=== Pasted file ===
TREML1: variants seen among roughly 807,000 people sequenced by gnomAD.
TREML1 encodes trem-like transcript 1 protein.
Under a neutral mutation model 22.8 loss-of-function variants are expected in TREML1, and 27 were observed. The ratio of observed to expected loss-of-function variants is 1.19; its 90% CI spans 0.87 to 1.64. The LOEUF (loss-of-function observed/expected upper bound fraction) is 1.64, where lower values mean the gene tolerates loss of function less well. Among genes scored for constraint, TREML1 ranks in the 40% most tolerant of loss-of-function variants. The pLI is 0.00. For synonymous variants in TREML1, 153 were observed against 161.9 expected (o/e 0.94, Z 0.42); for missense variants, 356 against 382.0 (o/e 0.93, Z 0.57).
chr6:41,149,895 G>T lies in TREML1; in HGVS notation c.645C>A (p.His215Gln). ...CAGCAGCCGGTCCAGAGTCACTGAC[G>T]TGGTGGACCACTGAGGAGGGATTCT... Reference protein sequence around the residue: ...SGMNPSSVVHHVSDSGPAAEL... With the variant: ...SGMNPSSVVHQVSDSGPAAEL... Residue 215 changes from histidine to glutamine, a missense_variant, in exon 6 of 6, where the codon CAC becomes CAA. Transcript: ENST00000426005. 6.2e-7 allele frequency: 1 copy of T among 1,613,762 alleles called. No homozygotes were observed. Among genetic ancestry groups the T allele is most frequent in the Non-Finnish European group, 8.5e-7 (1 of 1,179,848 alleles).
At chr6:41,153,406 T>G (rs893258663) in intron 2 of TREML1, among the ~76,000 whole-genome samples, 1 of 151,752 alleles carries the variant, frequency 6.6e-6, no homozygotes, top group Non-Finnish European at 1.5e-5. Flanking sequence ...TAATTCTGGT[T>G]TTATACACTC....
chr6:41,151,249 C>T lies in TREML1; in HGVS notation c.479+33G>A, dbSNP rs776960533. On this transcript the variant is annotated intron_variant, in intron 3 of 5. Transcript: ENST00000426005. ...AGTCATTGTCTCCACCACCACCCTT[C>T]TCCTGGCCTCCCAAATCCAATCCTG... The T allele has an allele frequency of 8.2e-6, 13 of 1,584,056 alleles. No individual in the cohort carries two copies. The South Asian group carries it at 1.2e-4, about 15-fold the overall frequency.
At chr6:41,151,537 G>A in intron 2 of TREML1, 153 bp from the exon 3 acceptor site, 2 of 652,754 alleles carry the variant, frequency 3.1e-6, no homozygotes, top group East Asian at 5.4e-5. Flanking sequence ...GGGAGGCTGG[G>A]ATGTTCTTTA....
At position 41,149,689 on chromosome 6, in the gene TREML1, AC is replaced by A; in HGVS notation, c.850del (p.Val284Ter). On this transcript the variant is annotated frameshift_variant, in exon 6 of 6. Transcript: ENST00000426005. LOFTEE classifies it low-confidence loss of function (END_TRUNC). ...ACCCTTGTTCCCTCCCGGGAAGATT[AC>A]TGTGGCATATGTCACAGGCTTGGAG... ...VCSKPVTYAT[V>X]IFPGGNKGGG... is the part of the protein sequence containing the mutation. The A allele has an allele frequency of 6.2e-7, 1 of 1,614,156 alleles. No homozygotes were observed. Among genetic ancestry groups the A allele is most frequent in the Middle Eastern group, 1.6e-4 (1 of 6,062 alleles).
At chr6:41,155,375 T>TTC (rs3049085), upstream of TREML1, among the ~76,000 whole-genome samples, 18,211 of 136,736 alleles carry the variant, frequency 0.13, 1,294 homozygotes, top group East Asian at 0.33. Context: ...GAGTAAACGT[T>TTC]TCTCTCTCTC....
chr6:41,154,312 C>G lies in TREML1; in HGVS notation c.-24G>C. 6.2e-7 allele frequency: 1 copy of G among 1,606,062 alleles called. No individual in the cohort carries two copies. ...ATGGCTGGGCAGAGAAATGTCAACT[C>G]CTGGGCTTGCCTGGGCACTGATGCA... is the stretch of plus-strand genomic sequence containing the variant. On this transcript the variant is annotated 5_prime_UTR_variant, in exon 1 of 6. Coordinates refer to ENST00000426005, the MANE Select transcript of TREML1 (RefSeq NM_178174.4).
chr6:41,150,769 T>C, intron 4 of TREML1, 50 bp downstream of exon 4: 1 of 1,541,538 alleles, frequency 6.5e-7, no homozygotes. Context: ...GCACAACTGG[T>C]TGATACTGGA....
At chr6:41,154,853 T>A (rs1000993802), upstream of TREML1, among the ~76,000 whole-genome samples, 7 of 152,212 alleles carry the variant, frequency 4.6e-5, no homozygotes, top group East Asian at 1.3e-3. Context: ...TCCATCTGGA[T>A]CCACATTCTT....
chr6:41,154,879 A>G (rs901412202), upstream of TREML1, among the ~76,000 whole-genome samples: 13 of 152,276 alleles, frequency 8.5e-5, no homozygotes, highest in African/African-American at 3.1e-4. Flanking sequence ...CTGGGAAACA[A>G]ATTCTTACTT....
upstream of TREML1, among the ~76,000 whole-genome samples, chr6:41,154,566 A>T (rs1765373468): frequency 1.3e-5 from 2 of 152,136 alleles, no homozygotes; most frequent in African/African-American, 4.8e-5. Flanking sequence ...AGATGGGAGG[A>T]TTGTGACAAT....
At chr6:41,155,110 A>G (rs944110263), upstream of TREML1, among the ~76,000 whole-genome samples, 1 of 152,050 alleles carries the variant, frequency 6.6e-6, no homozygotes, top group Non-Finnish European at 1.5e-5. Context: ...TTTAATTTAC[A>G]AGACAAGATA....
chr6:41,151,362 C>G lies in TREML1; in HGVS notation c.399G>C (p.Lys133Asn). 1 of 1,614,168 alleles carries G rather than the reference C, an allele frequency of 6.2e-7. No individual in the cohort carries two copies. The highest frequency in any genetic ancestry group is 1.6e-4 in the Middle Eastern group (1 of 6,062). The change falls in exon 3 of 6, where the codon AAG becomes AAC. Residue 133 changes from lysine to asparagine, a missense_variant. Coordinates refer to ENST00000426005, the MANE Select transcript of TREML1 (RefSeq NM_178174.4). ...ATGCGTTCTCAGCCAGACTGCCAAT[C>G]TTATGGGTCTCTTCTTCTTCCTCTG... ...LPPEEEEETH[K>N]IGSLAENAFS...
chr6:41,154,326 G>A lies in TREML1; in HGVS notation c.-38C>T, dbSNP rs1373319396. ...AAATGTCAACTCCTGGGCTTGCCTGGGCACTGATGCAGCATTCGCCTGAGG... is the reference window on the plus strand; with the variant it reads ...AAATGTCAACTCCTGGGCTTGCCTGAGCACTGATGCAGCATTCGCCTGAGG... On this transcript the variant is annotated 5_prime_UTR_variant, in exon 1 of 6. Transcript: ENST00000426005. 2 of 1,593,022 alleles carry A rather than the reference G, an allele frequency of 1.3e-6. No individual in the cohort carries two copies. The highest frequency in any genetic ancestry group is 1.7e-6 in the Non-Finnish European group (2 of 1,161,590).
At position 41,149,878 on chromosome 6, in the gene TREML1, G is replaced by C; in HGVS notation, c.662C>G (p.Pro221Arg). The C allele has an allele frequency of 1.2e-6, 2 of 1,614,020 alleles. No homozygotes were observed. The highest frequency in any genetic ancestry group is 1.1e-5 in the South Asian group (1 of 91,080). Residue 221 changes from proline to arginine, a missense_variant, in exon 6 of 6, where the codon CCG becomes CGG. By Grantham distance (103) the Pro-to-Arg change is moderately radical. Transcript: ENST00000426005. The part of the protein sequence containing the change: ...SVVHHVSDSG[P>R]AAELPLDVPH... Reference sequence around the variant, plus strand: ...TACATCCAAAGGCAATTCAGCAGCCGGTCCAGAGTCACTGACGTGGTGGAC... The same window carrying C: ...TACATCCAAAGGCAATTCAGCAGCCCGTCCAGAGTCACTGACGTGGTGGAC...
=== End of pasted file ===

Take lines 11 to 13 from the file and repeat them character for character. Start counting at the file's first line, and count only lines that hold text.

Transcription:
chr6:41,150,769 T>C, intron 4 of TREML1, 50 bp downstream of exon 4: 1 of 1,541,538 alleles, frequency 6.5e-7, no homozygotes. Context: ...GCACAACTGG[T>C]TGATACTGGA....
At chr6:41,154,853 T>A (rs1000993802), upstream of TREML1, among the ~76,000 whole-genome samples, 7 of 152,212 alleles carry the variant, frequency 4.6e-5, no homozygotes, top group East Asian at 1.3e-3. Context: ...TCCATCTGGA[T>A]CCACATTCTT....
chr6:41,154,879 A>G (rs901412202), upstream of TREML1, among the ~76,000 whole-genome samples: 13 of 152,276 alleles, frequency 8.5e-5, no homozygotes, highest in African/African-American at 3.1e-4. Flanking sequence ...CTGGGAAACA[A>G]ATTCTTACTT....